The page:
World AIDS Day happens every year in December to raise awareness about the AIDS epidemic and remember those who have lost their lives to the disease. It’s a good time to pick up a book or four about the history of HIV/AIDS. There are so many wonderful, heartbreaking, and informative books about HIV/AIDS out there—it’s hard to narrow down the list! These seven focus mostly on the AIDS crisis in the US. They include LGBTQIA memoirs, novels starring HIV positive characters, and histories written by those who lived through the AIDS crisis. These seven books will certainly help you brush up on your World AIDS Day history, but they’re also full of inspiring stories about the bravery and determination of ordinary citizens in the face of a terrifying crisis—worth a read any time of year.
In Love Is the Cure, Elton John recounts his life during the AIDS years, writing with moving honesty about the pain of losing so many friends. At the center of the book are stories about his friendships, both with celebrities like Freddy Mercury and with ordinary citizens like Ryan White, a young man from Indiana who was barred from his high school because of his HIV status. White's story inspired Elton John to start the Elton John AIDS Foundation, and he chronicles the history and work of the foundation in this book.
The AIDS crisis in America came at a time when the burgeoning LGBTQIA rights moment was just starting to get mainstream media attention. Even now, there's a common belief that gay liberation began at the Stonewall Inn, and that the 1970s were solely about sexual freedom. In Stand by Me, historian Jim Downs revisits the 1970s, drawing a more nuanced picture of gay life. Drawing on documents and records from LGBTQ community centers in major cities, he tells the stories of gay people all over the country who came together to build communities. This book is a must-read for anyone interested in the history of gay liberation before, during, and after the AIDS crisis.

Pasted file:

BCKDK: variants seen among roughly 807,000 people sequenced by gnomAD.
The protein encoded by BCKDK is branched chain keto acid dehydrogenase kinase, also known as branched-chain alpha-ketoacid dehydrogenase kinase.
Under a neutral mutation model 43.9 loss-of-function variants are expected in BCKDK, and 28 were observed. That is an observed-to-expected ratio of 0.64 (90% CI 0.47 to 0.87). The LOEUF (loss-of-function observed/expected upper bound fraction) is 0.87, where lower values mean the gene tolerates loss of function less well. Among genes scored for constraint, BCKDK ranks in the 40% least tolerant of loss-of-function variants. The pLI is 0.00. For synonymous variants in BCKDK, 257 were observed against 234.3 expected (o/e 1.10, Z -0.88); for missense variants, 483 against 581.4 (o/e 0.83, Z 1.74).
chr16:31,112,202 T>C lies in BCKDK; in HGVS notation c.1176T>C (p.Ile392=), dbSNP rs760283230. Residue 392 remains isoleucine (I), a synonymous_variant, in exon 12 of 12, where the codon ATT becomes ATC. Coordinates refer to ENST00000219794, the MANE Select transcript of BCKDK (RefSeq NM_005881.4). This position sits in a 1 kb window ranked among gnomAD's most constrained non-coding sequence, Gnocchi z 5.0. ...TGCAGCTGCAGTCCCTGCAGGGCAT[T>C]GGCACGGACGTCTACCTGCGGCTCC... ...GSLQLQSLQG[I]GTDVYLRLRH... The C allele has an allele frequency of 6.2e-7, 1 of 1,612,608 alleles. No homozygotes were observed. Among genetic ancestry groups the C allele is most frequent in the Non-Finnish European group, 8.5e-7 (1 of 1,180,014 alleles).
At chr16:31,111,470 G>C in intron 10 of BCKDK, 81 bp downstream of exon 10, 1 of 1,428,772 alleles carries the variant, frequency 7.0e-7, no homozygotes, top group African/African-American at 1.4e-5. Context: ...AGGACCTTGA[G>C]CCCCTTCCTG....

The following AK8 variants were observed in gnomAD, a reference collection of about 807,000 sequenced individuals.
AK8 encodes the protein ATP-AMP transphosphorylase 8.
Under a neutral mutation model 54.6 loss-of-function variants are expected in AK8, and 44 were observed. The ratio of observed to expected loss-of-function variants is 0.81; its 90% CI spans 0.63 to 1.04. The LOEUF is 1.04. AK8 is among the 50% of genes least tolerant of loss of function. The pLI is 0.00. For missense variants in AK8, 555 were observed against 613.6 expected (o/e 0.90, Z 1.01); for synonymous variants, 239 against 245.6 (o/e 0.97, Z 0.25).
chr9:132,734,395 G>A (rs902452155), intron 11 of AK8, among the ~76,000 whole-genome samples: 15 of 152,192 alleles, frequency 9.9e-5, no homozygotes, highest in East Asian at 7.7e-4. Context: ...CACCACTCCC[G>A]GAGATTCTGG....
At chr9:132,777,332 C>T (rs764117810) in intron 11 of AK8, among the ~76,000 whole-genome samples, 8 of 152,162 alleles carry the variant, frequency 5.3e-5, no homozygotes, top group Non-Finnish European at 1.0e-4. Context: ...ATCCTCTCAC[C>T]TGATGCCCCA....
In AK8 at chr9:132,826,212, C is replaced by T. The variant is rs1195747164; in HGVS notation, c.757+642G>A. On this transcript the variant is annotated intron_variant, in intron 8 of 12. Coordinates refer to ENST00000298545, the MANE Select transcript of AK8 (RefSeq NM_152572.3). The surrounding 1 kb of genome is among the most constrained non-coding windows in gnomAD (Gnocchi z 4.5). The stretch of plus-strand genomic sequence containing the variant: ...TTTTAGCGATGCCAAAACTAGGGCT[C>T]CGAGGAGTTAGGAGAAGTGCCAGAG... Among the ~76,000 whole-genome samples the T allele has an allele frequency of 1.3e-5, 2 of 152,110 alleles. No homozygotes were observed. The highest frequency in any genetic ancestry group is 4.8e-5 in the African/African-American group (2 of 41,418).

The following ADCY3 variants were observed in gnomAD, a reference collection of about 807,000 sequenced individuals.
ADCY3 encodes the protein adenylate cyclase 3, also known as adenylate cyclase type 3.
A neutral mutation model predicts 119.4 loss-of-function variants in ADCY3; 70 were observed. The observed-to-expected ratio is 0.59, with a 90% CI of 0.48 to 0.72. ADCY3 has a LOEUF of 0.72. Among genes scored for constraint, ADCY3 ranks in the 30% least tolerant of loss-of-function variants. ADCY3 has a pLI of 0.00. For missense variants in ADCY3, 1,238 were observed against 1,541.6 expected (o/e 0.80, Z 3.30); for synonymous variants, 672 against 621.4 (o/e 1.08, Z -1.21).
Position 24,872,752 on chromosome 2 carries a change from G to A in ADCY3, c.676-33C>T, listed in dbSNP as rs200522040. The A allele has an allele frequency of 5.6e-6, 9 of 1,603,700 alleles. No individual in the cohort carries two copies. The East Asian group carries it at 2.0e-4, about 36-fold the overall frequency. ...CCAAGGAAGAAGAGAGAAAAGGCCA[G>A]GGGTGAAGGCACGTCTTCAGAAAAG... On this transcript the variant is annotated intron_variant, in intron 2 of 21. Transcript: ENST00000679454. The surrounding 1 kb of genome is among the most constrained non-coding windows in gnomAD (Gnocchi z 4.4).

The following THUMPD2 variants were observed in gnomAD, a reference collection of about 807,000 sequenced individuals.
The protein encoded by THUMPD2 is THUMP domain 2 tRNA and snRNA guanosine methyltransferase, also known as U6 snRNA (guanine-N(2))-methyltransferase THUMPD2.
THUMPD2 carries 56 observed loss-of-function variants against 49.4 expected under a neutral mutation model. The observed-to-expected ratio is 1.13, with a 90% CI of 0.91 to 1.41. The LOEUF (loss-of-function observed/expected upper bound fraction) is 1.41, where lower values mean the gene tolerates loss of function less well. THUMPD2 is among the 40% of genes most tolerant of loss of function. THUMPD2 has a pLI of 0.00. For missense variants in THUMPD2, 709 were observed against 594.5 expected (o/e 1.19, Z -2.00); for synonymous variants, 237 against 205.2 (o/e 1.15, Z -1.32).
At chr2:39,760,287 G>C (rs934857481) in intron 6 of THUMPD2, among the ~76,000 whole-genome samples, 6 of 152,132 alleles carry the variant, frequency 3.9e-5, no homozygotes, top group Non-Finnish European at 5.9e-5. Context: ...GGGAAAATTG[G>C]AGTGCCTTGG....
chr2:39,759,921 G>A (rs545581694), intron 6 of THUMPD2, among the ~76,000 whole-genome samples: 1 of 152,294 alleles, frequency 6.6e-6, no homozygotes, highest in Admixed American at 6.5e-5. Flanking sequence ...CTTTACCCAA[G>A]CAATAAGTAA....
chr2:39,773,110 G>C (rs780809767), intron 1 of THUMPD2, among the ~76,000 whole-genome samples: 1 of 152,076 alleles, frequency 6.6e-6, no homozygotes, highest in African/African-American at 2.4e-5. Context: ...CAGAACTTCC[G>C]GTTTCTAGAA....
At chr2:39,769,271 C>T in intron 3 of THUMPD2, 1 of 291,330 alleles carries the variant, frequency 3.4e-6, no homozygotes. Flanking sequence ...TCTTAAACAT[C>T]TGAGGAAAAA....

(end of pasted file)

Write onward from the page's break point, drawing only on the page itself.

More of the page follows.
How to Survive A Plague is the riveting story of the activists who fought to put an end to the AIDS epidemic. Faced with nearly insurmountable odds, including a government that ignored the crisis, and the stigma that came with being HIV positive, these dedicated activists fought for better research, affordable and effective drugs, and their right to live. David France tells this sweeping story in intimate detail, recounting the founding of ACT UP, the many setbacks and victories the movement encountered, and the personal stories of the extraordinary people who made it their life's work to end an epidemic.
If reading a sweeping history feels too daunting, you might want to pick up The Great Believers instead. In this beautiful novel, Rebecca Makkai tells a story about the AIDS crisis through the intimate stories of one group of friends. In 1985, Yale, a young man working for a Chicago art gallery, tries to keep his life together as he watches his friends die. In 2015, Fiona, the sister of one of Yale's deceased friends, travels to Paris, searching for her missing daughter. Makai masterfully weaves these two stories together, exploring how pain of the AIDS crisis continues to reverberate today.
Like many other young gay people, Cleve Jones was drawn to San Francisco in the 1970s by the promise of sexual freedom and radical politics. When he got there, he found both community and purpose. Inspired by Harvey Milk, Jones dove into politics and was soon at the center of a growing LGBTQIA rights movement. In When We Rise, Jones recalls his life in activism, from his early days in San Francisco through the heartbreaking AIDS years. His moving stories about the beginnings of AIDS activism and his conception of the AIDS Memorial Quilt are an inspiring and crucial part of LGBTQIA—and American—history.
In the Shadow of the Bridge is a bridge itself, a memoir that bridges two worlds: the Bohemian New York of the 1960s and 70s and the haunted New York of the 1980s, when the fear caused by the AIDS crisis ripped through the gay community. Playwright Joseph Caldwell writes about both of these realities with raw honesty and astute observation. He recounts his life as a young artist, his relationships during the AIDS years, and his experience of a rapidly changing city.
While it's easy to think of AIDS in America as something of the past, living with HIV is still a reality for many Americans. Full Disclosure is a funny, heartwarming, and thoughtful novel about an HIV positive teenager. Simone just wants to work on the school play and flirt with her crush; she doesn't think much about her HIV status. But when someone starts leaving notes in her locker threatening to out her status to the whole school, she has to decide whether to stay silent or fight back.